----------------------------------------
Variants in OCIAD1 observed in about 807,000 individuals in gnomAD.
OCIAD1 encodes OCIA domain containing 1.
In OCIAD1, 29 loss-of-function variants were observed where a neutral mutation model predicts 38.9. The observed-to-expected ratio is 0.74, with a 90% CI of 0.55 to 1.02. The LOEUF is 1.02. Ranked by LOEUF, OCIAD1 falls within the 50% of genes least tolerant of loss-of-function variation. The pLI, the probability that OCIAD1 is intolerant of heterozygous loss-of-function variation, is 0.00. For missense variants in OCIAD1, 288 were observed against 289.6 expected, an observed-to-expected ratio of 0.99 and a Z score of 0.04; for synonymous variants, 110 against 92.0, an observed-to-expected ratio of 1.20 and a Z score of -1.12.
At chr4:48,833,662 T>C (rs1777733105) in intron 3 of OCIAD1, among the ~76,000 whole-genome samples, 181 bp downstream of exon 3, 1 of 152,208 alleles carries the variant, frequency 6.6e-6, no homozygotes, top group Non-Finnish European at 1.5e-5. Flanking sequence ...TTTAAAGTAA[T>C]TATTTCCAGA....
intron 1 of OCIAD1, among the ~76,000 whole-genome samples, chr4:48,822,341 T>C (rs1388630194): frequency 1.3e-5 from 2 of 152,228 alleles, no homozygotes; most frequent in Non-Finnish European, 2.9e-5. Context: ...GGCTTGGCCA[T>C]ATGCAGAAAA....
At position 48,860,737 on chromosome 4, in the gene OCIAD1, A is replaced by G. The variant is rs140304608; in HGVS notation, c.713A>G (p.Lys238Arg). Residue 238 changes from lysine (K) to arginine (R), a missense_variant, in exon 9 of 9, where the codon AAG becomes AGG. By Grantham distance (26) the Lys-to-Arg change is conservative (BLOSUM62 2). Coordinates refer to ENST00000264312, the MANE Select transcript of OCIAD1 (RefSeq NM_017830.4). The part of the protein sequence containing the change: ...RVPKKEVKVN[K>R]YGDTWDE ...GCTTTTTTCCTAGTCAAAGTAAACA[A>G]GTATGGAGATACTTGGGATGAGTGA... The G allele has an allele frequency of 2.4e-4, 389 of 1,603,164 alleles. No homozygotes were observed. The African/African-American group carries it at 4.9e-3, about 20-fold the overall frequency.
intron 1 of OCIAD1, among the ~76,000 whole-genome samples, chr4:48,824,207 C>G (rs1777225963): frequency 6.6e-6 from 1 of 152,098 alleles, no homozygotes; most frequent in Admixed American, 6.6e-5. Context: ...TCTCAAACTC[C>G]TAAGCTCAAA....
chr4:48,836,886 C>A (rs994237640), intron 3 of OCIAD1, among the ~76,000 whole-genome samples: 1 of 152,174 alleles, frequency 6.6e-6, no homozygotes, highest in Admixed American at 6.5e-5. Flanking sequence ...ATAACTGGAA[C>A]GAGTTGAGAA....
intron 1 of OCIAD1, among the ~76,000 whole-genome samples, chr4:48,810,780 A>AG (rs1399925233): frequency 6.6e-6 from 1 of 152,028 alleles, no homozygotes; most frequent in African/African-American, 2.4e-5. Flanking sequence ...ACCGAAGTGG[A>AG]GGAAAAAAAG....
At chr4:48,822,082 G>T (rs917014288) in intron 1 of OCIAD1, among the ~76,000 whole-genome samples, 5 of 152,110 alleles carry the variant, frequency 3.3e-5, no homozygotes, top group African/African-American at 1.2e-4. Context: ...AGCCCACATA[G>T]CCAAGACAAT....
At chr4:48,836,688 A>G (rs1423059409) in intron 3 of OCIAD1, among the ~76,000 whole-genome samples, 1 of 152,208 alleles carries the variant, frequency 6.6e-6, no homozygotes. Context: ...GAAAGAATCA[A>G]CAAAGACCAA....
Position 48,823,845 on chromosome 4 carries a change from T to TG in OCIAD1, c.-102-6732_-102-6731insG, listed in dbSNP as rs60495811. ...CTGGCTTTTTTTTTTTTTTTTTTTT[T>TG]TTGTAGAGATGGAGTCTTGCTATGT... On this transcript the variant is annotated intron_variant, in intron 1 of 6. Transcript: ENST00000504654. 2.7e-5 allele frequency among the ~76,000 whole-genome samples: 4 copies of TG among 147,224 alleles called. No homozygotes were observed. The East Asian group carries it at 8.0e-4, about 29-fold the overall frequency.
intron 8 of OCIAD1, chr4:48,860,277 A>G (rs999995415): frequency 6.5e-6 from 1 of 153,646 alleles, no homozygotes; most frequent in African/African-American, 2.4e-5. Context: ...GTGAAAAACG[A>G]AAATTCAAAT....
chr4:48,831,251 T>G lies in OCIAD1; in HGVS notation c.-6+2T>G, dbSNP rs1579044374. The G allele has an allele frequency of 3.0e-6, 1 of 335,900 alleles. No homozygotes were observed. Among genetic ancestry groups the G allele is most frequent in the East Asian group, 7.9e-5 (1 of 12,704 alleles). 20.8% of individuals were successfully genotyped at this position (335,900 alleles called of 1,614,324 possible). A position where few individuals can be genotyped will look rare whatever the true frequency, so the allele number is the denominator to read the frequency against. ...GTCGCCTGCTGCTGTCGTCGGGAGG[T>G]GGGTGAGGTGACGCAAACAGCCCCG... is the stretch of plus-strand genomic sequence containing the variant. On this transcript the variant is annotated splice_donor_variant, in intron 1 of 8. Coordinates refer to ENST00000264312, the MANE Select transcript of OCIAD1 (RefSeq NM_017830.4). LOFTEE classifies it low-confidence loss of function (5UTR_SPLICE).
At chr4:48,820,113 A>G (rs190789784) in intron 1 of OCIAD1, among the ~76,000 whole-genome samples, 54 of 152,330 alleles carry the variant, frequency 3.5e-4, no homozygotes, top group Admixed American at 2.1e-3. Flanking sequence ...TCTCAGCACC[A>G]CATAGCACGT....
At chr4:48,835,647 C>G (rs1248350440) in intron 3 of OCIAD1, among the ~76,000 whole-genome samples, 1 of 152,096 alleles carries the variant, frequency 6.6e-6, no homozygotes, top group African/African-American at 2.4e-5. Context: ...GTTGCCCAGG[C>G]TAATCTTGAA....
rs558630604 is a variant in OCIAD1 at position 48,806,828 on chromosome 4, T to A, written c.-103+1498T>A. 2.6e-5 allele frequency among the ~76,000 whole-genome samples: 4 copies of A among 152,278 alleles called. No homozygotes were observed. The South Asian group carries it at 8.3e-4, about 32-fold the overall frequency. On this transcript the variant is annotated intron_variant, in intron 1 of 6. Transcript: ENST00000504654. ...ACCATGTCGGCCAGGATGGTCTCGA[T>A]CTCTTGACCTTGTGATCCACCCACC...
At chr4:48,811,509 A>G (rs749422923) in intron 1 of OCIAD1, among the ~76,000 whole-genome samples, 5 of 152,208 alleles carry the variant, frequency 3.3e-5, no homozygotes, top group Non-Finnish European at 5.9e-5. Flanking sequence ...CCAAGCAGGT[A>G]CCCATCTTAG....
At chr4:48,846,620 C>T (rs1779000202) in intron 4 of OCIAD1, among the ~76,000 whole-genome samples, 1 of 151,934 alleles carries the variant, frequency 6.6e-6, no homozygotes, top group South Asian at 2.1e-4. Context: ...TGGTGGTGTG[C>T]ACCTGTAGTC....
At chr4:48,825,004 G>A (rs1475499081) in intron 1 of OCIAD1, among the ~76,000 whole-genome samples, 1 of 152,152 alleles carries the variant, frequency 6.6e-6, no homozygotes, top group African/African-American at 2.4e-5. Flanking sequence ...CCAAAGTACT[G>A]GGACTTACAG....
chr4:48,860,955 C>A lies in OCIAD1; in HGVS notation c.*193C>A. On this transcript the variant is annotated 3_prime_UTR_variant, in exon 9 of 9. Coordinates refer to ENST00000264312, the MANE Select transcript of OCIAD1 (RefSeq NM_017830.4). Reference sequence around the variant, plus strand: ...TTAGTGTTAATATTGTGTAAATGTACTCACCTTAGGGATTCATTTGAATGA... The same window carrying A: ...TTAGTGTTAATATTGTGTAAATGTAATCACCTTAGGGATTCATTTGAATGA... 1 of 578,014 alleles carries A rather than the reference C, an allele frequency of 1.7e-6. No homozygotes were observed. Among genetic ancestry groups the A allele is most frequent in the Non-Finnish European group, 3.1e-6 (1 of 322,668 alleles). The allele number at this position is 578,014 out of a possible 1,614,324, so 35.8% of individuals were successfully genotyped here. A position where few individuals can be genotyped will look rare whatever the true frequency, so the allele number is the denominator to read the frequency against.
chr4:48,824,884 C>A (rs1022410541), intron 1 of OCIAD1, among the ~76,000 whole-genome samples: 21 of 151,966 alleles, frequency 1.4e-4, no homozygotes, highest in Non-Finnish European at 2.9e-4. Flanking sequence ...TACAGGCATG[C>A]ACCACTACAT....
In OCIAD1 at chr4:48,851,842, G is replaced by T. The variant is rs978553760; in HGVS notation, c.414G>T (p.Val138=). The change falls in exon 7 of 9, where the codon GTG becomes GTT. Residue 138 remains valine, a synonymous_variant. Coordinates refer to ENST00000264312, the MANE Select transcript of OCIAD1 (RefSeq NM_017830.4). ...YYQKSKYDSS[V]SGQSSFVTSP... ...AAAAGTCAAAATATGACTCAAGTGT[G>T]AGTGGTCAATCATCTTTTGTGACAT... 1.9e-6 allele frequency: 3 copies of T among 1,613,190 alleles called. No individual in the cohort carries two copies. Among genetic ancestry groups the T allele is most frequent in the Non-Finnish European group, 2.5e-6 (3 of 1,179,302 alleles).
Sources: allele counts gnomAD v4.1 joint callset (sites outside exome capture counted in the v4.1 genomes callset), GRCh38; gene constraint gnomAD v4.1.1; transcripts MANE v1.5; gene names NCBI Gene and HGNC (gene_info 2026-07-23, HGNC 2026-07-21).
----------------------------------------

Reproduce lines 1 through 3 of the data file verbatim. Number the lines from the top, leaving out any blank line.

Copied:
Variants in OCIAD1 observed in about 807,000 individuals in gnomAD.
OCIAD1 encodes OCIA domain containing 1.
In OCIAD1, 29 loss-of-function variants were observed where a neutral mutation model predicts 38.9. The observed-to-expected ratio is 0.74, with a 90% CI of 0.55 to 1.02. The LOEUF is 1.02. Ranked by LOEUF, OCIAD1 falls within the 50% of genes least tolerant of loss-of-function variation. The pLI, the probability that OCIAD1 is intolerant of heterozygous loss-of-function variation, is 0.00. For missense variants in OCIAD1, 288 were observed against 289.6 expected, an observed-to-expected ratio of 0.99 and a Z score of 0.04; for synonymous variants, 110 against 92.0, an observed-to-expected ratio of 1.20 and a Z score of -1.12.